How and why does age at kindergarten entry matter?
Those who have spent time in a kindergarten classroom know that there are remarkable differences in children's skills. Research has shown that these skill differences are strongly tied to age, with students who enter kindergarten later in life doing better than younger entrants. Moreover, an "entry-age achievement gap" has been found to persist until as late as the eighth or ninth grade. ; In this Economic Letter, I describe possible interpretations of the entry-age achievement gap, along with their implications, and discuss new empirical research attempting to establish their relative importance.
Volume (Year): (2008)
Issue (Month): aug8 ()
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- Kelly Bedard & Elizabeth Dhuey, 2006. "The Persistence of Early Childhood Maturity: International Evidence of Long-Run Age Effects," The Quarterly Journal of Economics, Oxford University Press, vol. 121(4), pages 1437-1472.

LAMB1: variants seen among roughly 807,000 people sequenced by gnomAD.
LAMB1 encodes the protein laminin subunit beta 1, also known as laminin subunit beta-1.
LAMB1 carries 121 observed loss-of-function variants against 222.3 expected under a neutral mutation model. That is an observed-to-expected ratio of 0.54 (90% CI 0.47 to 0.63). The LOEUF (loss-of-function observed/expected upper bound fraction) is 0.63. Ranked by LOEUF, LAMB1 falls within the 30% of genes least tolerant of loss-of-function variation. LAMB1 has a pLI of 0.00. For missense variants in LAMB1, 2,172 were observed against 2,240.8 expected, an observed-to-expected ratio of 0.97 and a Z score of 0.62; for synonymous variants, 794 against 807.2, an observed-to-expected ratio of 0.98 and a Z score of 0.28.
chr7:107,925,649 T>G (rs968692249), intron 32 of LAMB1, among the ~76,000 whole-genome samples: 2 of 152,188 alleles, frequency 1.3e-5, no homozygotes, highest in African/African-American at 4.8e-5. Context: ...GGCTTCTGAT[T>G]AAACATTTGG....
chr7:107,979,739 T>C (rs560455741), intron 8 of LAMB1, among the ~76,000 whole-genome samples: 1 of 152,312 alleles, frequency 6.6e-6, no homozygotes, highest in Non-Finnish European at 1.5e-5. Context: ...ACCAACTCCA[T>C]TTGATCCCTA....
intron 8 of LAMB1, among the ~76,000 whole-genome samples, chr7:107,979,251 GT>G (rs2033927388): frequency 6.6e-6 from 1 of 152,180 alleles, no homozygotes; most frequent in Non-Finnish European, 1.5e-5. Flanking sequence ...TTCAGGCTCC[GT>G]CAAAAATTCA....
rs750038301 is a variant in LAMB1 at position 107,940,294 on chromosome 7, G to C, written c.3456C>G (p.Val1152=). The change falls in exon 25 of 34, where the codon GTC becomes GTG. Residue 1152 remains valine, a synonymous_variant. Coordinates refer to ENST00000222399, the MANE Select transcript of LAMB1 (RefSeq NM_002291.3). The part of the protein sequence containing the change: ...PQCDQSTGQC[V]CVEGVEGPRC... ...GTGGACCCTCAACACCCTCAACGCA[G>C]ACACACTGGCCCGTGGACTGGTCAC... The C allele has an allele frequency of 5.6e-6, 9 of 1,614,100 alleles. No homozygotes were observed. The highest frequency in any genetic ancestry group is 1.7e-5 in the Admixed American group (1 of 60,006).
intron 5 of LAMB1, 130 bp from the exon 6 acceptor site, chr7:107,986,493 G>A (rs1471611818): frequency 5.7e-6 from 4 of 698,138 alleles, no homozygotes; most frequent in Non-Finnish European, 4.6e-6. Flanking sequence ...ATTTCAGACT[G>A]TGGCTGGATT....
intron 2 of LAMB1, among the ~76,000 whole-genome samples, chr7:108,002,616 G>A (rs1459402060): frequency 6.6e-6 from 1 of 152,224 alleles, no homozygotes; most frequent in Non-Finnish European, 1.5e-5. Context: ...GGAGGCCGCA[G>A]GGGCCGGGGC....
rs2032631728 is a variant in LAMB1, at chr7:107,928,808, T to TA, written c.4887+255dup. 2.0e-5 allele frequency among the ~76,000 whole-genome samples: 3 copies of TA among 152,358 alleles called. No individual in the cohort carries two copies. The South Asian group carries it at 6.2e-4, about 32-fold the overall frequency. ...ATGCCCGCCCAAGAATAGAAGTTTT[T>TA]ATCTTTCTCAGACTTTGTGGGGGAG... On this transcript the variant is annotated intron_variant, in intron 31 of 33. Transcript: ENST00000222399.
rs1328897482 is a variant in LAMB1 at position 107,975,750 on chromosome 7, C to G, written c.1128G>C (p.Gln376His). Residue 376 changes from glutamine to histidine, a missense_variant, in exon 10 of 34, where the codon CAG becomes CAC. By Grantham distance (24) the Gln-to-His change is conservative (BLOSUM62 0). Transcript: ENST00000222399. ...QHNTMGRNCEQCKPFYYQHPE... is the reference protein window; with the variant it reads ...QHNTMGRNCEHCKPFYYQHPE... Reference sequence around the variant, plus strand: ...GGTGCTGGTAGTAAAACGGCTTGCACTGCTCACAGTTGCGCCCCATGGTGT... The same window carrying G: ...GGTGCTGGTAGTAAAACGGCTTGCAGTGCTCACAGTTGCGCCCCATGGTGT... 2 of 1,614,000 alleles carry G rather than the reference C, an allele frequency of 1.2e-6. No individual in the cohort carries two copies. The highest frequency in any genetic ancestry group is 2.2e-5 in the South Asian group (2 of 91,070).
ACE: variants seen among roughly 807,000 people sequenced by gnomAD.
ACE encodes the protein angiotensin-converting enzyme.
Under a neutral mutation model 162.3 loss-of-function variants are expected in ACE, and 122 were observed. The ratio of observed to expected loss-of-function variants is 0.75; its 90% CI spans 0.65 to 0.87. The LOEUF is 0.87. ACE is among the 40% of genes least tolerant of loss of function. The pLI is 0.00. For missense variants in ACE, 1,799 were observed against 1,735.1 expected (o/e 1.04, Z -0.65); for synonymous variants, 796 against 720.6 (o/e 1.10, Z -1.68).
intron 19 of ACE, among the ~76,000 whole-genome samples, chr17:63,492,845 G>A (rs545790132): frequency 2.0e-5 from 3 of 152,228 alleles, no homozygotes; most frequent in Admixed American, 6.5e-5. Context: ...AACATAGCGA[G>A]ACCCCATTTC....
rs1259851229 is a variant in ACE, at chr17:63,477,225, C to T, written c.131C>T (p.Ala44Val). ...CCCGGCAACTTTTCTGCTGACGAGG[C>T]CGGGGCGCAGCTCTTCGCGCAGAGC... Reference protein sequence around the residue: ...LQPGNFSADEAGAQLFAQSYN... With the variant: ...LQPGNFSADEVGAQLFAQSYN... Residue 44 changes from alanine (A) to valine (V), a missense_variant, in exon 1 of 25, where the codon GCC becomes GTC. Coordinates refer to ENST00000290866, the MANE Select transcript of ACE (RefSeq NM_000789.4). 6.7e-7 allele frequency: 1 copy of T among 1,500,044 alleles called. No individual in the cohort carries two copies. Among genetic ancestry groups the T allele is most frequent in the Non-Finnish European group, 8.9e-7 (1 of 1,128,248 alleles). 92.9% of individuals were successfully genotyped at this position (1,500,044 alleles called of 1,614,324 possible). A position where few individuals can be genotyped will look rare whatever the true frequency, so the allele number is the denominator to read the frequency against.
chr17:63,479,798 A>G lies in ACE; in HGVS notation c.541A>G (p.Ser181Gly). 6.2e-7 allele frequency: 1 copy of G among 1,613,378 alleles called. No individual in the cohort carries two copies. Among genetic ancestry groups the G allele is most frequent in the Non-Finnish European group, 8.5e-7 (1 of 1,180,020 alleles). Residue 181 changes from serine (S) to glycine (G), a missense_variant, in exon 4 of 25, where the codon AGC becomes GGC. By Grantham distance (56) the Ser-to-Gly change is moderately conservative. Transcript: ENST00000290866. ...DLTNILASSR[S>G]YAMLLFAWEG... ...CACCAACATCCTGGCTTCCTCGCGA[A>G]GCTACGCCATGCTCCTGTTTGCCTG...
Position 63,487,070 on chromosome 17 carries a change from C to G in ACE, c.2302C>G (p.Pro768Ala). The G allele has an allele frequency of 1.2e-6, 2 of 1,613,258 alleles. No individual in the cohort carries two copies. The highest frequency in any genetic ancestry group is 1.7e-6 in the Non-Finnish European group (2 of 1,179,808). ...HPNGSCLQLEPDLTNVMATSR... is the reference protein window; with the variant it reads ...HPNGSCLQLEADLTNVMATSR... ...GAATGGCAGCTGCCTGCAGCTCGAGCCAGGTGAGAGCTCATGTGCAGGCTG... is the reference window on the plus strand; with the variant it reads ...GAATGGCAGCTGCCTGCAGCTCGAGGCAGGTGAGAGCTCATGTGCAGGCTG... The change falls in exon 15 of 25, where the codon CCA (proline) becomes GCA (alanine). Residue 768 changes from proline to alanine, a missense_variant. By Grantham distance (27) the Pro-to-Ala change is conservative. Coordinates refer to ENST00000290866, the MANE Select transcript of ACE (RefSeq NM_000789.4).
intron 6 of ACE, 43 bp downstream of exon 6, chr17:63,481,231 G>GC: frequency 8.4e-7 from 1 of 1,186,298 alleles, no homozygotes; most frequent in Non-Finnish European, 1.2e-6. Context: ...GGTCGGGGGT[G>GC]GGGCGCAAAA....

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"Too Young to Leave the Nest: The Effects of School Starting Age,"
NBER Working Papers
13969, National Bureau of Economic Research, Inc.
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- David Deming & Susan Dynarski, 2008.
"The lengthening of childhood,"
New England Public Policy Center Working Paper
08-3, Federal Reserve Bank of Boston.
- Elizabeth U. Cascio & Ethan G. Lewis, 2006. "Schooling and the Armed Forces Qualifying Test: Evidence from School-Entry Laws," Journal of Human Resources, University of Wisconsin Press, vol. 41(2).
- Joshua D. Angrist & Alan B. Keueger, 1991.
"Does Compulsory School Attendance Affect Schooling and Earnings?,"
The Quarterly Journal of Economics,
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- Joshua D. Angrist & Alan B. Krueger, 1990. "Does Compulsory School Attendance Affect Schooling and Earnings?," Working Papers 653, Princeton University, Department of Economics, Industrial Relations Section..
- Joshua D. Angrist & Alan B. Krueger, 1990. "Does Compulsory School Attendance Affect Schooling and Earnings?," NBER Working Papers 3572, National Bureau of Economic Research, Inc.
- Elizabeth Cascio & Diane Whitmore Schanzenbach, 2007. "First in the Class? Age and the Education Production Function," NBER Working Papers 13663, National Bureau of Economic Research, Inc.
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